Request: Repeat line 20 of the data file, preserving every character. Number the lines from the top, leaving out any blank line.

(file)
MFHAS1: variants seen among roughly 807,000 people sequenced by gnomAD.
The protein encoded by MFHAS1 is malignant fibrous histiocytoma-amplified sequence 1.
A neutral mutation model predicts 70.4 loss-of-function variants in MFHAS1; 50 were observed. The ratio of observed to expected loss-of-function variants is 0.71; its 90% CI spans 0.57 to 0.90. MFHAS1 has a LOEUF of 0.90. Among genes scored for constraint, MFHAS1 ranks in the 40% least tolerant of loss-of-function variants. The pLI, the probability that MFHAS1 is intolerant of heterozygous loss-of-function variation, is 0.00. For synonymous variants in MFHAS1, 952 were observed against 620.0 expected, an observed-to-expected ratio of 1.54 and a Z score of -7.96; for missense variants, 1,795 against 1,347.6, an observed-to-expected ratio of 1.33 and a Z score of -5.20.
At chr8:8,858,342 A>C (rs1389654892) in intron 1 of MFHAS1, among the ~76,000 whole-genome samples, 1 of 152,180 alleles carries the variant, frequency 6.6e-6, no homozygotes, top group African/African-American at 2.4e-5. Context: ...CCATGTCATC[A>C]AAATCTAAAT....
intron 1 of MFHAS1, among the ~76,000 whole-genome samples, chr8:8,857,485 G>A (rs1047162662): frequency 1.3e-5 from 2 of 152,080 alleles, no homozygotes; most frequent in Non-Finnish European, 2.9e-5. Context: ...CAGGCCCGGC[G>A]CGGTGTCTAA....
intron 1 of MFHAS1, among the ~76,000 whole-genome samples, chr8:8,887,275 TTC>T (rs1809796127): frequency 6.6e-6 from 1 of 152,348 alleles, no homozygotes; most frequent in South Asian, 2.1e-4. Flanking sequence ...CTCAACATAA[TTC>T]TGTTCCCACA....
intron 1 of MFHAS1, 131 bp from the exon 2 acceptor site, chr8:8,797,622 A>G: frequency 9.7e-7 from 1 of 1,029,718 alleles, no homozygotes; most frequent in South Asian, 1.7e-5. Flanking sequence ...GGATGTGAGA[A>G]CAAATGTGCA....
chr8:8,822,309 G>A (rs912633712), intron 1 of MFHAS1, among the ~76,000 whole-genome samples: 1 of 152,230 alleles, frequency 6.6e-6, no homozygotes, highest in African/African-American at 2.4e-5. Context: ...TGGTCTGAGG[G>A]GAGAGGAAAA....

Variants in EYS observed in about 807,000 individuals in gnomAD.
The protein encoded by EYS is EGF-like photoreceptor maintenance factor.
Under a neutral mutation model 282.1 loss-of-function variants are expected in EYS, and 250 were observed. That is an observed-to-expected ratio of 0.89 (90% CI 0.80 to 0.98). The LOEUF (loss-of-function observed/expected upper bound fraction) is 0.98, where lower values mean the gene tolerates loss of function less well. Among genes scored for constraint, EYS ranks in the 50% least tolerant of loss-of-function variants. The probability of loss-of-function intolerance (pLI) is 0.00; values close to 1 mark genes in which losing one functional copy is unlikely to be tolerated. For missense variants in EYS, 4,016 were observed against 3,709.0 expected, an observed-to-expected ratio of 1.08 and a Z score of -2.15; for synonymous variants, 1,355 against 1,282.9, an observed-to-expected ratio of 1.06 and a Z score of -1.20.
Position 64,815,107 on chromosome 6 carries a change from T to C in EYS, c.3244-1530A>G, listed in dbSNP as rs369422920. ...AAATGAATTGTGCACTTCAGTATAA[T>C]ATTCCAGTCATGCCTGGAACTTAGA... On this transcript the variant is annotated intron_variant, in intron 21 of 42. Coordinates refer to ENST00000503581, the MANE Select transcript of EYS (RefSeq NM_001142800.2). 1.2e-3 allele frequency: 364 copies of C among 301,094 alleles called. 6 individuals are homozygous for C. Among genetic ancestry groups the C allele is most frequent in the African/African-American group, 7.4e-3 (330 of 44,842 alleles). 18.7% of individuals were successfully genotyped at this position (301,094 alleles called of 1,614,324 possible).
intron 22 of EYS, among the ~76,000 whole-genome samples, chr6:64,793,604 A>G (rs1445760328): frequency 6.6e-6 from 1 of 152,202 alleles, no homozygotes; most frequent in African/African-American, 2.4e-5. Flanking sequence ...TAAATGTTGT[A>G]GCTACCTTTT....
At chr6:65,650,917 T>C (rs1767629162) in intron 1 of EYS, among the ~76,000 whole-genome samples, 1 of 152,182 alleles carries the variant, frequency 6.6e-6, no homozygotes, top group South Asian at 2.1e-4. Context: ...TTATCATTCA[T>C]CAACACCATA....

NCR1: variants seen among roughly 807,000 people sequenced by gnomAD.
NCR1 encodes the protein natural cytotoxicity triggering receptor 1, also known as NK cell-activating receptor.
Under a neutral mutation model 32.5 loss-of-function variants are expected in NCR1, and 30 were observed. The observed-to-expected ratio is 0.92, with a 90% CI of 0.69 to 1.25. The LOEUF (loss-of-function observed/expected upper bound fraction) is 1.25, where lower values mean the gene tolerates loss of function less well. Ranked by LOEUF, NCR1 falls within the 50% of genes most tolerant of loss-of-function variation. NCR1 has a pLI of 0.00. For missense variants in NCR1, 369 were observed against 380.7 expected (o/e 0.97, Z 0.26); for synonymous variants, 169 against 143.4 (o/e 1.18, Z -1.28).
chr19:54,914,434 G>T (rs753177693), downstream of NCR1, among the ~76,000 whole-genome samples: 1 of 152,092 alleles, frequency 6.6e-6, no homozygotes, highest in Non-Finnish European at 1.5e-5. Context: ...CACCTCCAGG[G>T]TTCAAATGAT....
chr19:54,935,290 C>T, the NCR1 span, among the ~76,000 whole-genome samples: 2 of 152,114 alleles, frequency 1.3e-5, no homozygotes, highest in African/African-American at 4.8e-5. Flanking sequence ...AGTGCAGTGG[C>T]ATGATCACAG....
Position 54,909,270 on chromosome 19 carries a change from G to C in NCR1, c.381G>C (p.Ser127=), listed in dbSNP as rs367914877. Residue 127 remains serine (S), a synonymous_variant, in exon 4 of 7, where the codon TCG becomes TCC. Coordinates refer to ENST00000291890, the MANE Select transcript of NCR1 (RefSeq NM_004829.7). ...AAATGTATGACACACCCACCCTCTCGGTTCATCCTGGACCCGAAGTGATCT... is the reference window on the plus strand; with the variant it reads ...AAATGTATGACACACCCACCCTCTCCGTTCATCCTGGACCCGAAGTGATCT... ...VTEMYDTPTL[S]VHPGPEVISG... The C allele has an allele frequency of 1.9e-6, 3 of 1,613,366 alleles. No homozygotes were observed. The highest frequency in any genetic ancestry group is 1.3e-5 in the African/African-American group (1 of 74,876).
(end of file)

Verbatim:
Position 54,909,270 on chromosome 19 carries a change from G to C in NCR1, c.381G>C (p.Ser127=), listed in dbSNP as rs367914877. Residue 127 remains serine (S), a synonymous_variant, in exon 4 of 7, where the codon TCG becomes TCC. Coordinates refer to ENST00000291890, the MANE Select transcript of NCR1 (RefSeq NM_004829.7). ...AAATGTATGACACACCCACCCTCTCGGTTCATCCTGGACCCGAAGTGATCT... is the reference window on the plus strand; with the variant it reads ...AAATGTATGACACACCCACCCTCTCCGTTCATCCTGGACCCGAAGTGATCT... ...VTEMYDTPTL[S]VHPGPEVISG... The C allele has an allele frequency of 1.9e-6, 3 of 1,613,366 alleles. No homozygotes were observed. The highest frequency in any genetic ancestry group is 1.3e-5 in the African/African-American group (1 of 74,876).